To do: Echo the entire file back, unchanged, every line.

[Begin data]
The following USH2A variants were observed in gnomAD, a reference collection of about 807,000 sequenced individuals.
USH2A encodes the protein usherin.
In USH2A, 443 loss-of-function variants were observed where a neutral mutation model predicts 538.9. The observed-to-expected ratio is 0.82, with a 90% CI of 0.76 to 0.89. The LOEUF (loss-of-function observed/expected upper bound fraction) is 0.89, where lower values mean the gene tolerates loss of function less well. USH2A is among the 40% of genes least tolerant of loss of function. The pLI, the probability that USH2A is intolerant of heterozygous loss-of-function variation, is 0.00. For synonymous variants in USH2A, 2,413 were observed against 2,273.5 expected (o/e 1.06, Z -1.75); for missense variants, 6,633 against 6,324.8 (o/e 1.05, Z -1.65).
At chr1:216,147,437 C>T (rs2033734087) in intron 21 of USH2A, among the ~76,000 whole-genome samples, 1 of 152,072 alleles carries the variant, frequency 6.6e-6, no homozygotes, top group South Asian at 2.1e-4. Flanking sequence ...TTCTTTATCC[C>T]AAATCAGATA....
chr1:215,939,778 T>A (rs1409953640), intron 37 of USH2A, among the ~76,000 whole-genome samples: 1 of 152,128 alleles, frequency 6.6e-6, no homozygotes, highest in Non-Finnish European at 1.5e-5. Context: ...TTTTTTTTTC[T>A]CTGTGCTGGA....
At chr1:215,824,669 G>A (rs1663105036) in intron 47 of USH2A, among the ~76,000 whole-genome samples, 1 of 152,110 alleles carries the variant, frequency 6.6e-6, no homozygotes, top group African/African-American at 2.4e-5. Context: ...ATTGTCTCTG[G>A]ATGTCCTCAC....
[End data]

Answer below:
The following USH2A variants were observed in gnomAD, a reference collection of about 807,000 sequenced individuals.
USH2A encodes the protein usherin.
In USH2A, 443 loss-of-function variants were observed where a neutral mutation model predicts 538.9. The observed-to-expected ratio is 0.82, with a 90% CI of 0.76 to 0.89. The LOEUF (loss-of-function observed/expected upper bound fraction) is 0.89, where lower values mean the gene tolerates loss of function less well. USH2A is among the 40% of genes least tolerant of loss of function. The pLI, the probability that USH2A is intolerant of heterozygous loss-of-function variation, is 0.00. For synonymous variants in USH2A, 2,413 were observed against 2,273.5 expected (o/e 1.06, Z -1.75); for missense variants, 6,633 against 6,324.8 (o/e 1.05, Z -1.65).
At chr1:216,147,437 C>T (rs2033734087) in intron 21 of USH2A, among the ~76,000 whole-genome samples, 1 of 152,072 alleles carries the variant, frequency 6.6e-6, no homozygotes, top group South Asian at 2.1e-4. Flanking sequence ...TTCTTTATCC[C>T]AAATCAGATA....
chr1:215,939,778 T>A (rs1409953640), intron 37 of USH2A, among the ~76,000 whole-genome samples: 1 of 152,128 alleles, frequency 6.6e-6, no homozygotes, highest in Non-Finnish European at 1.5e-5. Context: ...TTTTTTTTTC[T>A]CTGTGCTGGA....
At chr1:215,824,669 G>A (rs1663105036) in intron 47 of USH2A, among the ~76,000 whole-genome samples, 1 of 152,110 alleles carries the variant, frequency 6.6e-6, no homozygotes, top group African/African-American at 2.4e-5. Context: ...ATTGTCTCTG[G>A]ATGTCCTCAC....